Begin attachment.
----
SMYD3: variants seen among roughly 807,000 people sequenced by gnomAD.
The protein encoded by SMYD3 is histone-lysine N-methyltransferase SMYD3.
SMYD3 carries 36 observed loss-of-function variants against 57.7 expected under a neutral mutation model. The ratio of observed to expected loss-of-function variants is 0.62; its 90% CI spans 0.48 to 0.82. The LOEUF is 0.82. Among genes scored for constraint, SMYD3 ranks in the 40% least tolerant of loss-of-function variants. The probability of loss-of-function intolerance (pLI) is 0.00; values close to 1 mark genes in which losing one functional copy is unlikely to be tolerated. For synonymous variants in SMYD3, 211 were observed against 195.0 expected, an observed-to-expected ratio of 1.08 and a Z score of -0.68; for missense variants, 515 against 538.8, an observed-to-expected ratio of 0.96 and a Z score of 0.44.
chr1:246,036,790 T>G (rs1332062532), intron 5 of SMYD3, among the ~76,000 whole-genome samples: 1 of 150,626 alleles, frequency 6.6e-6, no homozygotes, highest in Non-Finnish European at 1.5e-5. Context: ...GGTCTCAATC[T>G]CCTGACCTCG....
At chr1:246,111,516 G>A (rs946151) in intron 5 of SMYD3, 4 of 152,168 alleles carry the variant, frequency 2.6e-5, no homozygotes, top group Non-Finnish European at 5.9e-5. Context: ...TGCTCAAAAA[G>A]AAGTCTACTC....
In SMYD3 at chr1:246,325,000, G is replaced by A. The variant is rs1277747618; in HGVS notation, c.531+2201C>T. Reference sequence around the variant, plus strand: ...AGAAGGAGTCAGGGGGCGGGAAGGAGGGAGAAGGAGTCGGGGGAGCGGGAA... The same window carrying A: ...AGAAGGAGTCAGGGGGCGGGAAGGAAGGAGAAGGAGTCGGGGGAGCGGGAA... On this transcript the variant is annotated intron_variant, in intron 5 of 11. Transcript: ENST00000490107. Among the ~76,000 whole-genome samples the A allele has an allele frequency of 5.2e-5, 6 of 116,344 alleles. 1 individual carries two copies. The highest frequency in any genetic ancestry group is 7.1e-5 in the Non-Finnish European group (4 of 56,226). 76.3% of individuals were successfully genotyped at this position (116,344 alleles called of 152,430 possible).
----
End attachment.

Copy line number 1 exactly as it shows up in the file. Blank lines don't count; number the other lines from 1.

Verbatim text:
SMYD3: variants seen among roughly 807,000 people sequenced by gnomAD.